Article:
The Brazos in early 1851 may have been carrying one of the first shipments in response to Hubby & Sillaven’s advertisement. It appears, however, that the Brazos did not complete the journey to Sullivan’s Bluff. An article written about Port Sullivan the following year stated that only two steamboats had made it up the Brazos to that point, neither of which was the Brazos.
More definite steps were made in the spring and summer of 1851 to open up the Brazos to the new town on Sullivan’s Bluff. In May 1851, the planters along the upper Brazos made plans to order a boat to run between Washington and the “large falls.” Money to purchase a steamboat at Cincinnati was raised by interested persons. A keel boat was used for transportation until the steamboat arrived in the fall. Also during the summer of 1851, the persons living around Munson’s Shoals made plans to remove the shoals during low water. The shoals had, perhaps, stopped the Brazos en route to Sullivan’s Bluff. The keel boat placed in service until the arrival of the new steamboat was the Texas Ranger. It worked out of Washington, and an advertisement said the boat was ready in any direction to accommodate customers.
A report in a Galveston newspaper in June 1851, reflected the desire of the planters near Sullivan’s Bluff to open the river to that point. The planters on the Upper Brazos have resolved to open the navigation of that river as high up as Sullivan’s Bluff, so that boats may run up to that point with as much regularity as below Washington. They will at the same time secure the navigation of Little River to a considerable distance. McGown’s tombstone testifies to the failure to navigate Little River with regularity. The navigation of the Brazos to Sullivan’s Bluff was another story. Along with talk of opening the Brazos River to Sullivan’s Bluff, there was talk of opening the river all the way to Waco. This was just talk, however, as the writer found no evidence of any steamboat crossing the shoals at Port Sullivan going upstream, except for the questionable trip of the Mustang in 1843.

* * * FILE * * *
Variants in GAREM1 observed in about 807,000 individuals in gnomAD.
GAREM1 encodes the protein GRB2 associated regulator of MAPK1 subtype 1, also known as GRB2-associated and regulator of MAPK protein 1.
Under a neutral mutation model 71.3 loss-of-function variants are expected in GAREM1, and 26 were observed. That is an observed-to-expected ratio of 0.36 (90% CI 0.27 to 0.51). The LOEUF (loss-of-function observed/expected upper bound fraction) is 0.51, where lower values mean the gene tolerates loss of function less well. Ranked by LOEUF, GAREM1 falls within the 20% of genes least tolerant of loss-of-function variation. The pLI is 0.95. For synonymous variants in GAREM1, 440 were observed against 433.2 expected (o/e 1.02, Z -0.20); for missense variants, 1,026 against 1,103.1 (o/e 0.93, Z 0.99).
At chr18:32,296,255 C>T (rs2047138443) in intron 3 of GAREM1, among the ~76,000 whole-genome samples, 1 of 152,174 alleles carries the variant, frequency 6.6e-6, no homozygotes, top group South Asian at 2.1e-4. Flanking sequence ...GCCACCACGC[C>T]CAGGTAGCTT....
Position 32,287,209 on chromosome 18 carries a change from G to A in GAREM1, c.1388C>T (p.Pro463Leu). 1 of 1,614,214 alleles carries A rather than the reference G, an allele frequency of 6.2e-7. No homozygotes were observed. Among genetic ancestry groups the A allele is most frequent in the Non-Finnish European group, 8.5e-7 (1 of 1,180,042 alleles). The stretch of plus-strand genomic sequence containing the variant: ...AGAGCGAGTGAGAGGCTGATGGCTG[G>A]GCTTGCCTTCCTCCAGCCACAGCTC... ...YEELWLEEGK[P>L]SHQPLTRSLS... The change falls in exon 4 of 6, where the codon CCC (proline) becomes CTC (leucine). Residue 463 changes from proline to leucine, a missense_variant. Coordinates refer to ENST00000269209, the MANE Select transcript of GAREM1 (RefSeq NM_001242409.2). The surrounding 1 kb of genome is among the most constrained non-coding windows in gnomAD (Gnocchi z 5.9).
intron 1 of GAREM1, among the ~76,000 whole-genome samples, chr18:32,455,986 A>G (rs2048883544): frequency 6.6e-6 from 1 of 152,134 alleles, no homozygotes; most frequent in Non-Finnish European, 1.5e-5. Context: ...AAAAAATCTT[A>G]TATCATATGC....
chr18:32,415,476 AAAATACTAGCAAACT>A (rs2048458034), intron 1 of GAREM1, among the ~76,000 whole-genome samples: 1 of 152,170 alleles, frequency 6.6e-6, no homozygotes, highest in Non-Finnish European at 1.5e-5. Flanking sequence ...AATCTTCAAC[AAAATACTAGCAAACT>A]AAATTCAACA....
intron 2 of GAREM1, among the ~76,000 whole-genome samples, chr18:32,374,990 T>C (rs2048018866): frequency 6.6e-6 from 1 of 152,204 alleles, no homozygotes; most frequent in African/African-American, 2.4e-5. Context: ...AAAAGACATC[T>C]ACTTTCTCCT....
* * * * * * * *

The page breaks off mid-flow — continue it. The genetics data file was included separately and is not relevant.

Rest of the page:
Sullivan’s Bluff was not firmly established as a port until 1852. This year brought several steamboats calling at the Milam County town. On March 13, 1852, a Washington paper reported, “The steamer Camden arrived at our landing Monday evening and proceeded the next day to Sullivan’s Bluff, heavily freighted.” The next week the story continued:
The Camden established Sullivan’s Bluff as a port. Other boats followed the Camden to the new port.
Munson’s Shoals still offered some resistance to steam navigation even after the voyage of the Camden. In May 1852, the steamboat Reliance started from Washington to Sullivan’s Bluff with a full cargo of assorted merchandise, The river fell as the Reliance was en route just below Munson’s Shoals. The boat could neither continue up to Port Sullivan nor return to Washington. After a short wait Captain Maffitt was able to take the Reliance up to Port Sullivan, returning to Washington on May 26, 1852. This trip was more successful than the trip of the Camden, for the Reliance brought back 500 bales of cotton from the landings above Washington.
The Washington planned also to make a trip to Port Sullivan in May 1852. An advertisement in the Washington Lone Star on May 8, 1852, said the Washington “is now lying at our landing, bound for Port Sullivan, and immediate landings above Washington.” An article written about Port Sullivan in October 1852, indicated that the Washington did not reach its planned destination. The article presents the first description of Port Sullivan in a letter by “Rover” to the editor of the Galveston Weekly Journal.
This was Port Sullivan at the end of year one.
The Camden and Reliance proved once and for all that steamboats could navigate the Brazos as far as Port Sullivan. Other steamboats made occasional trips to the town in 1852 and later years. An advertisement in a Washington paper on November 20, 1852, announced that the steamboat William Penn would go to Sillaven’s Bluff as soon as the stage of water permitted. The next week the boat left for the upper Brazos. After making the trip to Port Sullivan, the William Penn ran into trouble returning to Washington. The Brazos fell six feet on the evening of December 1, 1852, making it impossible for the boat to cross Hidalgo Falls just above Washington. Toward the end of January 1853, the William Penn was able to return to Washington and from there to the mouth of the Brazos. The cargo from Sullivan’s Bluff consisted of cotton, pecans, and hides, to total equal to 500 bales of cotton. The goods were unloaded at Quintana at the mouth of the Brazos. From that point the freight from the Brazos was hauled to a loading point for the steamboats that operated in the Gulf of Mexico. The transloading arrangement enabled the boats to avoid the bar at the mouth of the Brazos, but it added to the cost of transportation.